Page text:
“In the Council’s assessment, all the above-mentioned measures will mitigate the negative economic impact of coronavirus spread,” said NBP.

The Polish mortgage market has boomed

The Polish mortgage market has grown explosively - from only 1.3% of GDP in 2000,to 20.4% of GDP in 2019.

In February 2020, Poland’s total outstanding housing loans rose by 8% to PLN 469.44 billion (EUR 103.45 billion) from the same period last year, according to the NBP.

In February 2020:

  • Zloty-denominated housing loans outstanding rose strongly by 12.4% y-o-y to PLN 345.91 billion (EUR 76.22 billion).
  • Foreign currency-denominated housing loans fell by 2.7% y-o-y to PLN 123.54 billion (EUR 27.22 billion).

Poland housing loans

Foreign currency-denominated housing loans (including Swiss franc loans) peaked at more than 69% of all loans in 2008. This caused a crisis when the currency collapsed. However the proportion has since declined to 26% in 2019, according to NBP.

MdM (“Housing the Young”) program is out; National Housing Program is in

The Mieszkanie dla Mlodych (MdM) program was a housing subsidy program introduced by the government in early 2014, aimed at helping young people aged up to 35 (either single or married) buy their first new flat.

The Law and Justice Party (PiS)-led government has replaced the MdM scheme by the “National Housing Program” which began at the end of 2016. This includes the construction of affordable housing units for rent and giving renters a purchase option. The new program intends to redirect public funds toward social groups with significantly lower incomes, and away from middle-income groups that were previously supported by other housing programs.

The construction of new apartment buildings under the program began in 2018, with rents ranging from around PLN 10 (€2.2) to PLN 20 (€4.4) per sq. m.

Based on government estimates, about 40% of people in Poland, a nation of 38 million people, cannot afford to rent an apartment.

Slowing economy

Standard Chartered Bank has predicted a contraction of 1.7% in the Polish economy this year.

The Polish economy grew by 4% in 2019 from a year earlier, a slowdown from expansions of 5.1% in 2018 and 4.9% in 2017.  Overall, investment growth slowed to 3% in 2019, from 10.1%.

In March 2020, the government unveiled a stimulus package of PLN 212 billion (€ 47 billion), equivalent to 9.2% of the country’s GDP, to cushion the impact of COVID-19.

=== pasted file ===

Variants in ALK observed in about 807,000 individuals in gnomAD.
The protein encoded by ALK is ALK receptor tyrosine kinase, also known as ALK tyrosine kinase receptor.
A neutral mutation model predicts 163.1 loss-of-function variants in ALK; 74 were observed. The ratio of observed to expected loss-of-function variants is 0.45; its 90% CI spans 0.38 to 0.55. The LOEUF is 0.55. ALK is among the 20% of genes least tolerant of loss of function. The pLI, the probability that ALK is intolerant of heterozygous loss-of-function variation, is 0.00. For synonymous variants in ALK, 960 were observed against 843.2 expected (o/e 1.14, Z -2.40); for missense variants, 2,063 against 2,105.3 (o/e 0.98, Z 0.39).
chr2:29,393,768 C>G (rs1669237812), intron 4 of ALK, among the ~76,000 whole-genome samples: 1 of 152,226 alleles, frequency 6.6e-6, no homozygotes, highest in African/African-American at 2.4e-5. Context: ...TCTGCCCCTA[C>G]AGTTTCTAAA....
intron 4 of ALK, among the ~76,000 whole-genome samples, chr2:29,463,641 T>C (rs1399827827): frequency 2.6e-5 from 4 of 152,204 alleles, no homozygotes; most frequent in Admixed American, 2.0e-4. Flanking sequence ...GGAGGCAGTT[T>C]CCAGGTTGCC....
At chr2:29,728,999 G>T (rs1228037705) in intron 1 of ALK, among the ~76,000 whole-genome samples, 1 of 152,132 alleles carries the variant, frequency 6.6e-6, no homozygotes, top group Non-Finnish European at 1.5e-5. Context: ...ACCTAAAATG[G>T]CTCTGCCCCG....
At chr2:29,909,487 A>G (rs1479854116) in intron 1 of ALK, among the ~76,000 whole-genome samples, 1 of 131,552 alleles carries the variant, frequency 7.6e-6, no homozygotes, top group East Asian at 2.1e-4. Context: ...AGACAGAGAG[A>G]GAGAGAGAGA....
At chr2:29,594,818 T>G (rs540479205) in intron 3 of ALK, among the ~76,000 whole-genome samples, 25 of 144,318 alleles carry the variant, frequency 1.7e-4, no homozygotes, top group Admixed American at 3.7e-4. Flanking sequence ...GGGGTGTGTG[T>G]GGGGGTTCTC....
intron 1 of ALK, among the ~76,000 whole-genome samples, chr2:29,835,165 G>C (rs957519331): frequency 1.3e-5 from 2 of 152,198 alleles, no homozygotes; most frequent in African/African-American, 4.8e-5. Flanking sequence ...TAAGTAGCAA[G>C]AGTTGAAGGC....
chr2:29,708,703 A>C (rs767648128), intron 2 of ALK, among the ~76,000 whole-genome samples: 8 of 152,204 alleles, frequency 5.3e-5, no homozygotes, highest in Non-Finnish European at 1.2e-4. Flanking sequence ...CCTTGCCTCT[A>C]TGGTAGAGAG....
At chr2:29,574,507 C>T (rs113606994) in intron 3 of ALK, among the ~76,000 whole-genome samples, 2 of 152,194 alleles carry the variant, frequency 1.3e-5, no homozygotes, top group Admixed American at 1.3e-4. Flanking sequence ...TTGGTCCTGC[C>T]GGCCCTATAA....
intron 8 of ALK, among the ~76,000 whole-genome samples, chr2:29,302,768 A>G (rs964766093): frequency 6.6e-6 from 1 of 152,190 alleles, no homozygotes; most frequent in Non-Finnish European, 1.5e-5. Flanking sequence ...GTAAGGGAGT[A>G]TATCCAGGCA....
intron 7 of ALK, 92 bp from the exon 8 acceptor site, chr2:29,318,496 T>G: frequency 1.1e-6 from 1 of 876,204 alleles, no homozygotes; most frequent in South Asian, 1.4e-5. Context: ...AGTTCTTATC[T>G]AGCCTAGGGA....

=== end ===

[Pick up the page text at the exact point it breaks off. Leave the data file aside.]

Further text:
Poland’s budget deficit was estimated at about 1.7% of GDP in 2019, up from the previous year’s 0.4% shortfall. The fiscal deficit is expected to rise sharply to 5% of GDP this year, according to Fitch Ratings.

Poland unemployment

The government debt is also expected to increase to 54.3% of GDP this year, from 50.3% of GDP in 2019.

Annual inflation stood at 4.7% in February 2020, sharply up from the previous year’s 1.2% and the highest level since November 2011, according to Statistics Poland. Inflation averaged 0.8% from 2013 to 2019.

In February 2020, Poland’s unemployment rate stood at 5.5%, down from last year’s 5.7%, according to Statistics Poland. Over the same period, there were about 921,000 unemployed people in the country, a slight decline from a year earlier.

Tension with EU raises political uncertainty

There are growing strains between the country and the European Union (EU). In January 2020, the Polish government passed a law that makes it possible for judges to face disciplinary actions if they make rulings that the government does not agree with – a move that the EU strongly opposes.

The conflict has been brewing since the populist Law and Justice Party (PiS) candidate Andrzej Duda won the presidential elections in May 2015 and the PiS party won the majority of seats in November 2015.

In 2017, the EU took the first steps toward stripping the country of its voting rights – a penalty never previously imposed on any member nation.

poland gdp inflation

Despite this, Poland continued with its "reforms", formally introducing a law in July 2018 that lowers the retirement age for judges from 70 to 65. This triggered widespread street protests after more than 20 judges (about a third of the total) were forced to retire. This caused the EU to issue a ruling that obliged Poland to suspend the law immediately.  And last year, the European court ruled in a landmark decision that Poland’s move to lower the retirement age of judges was unlawful.

A presidential election is expected to push through on May 10, 2020 by postal voting, despite the nationwide coronavirus lockdown. Duda is far ahead of rivals in opinion polls.


Sources: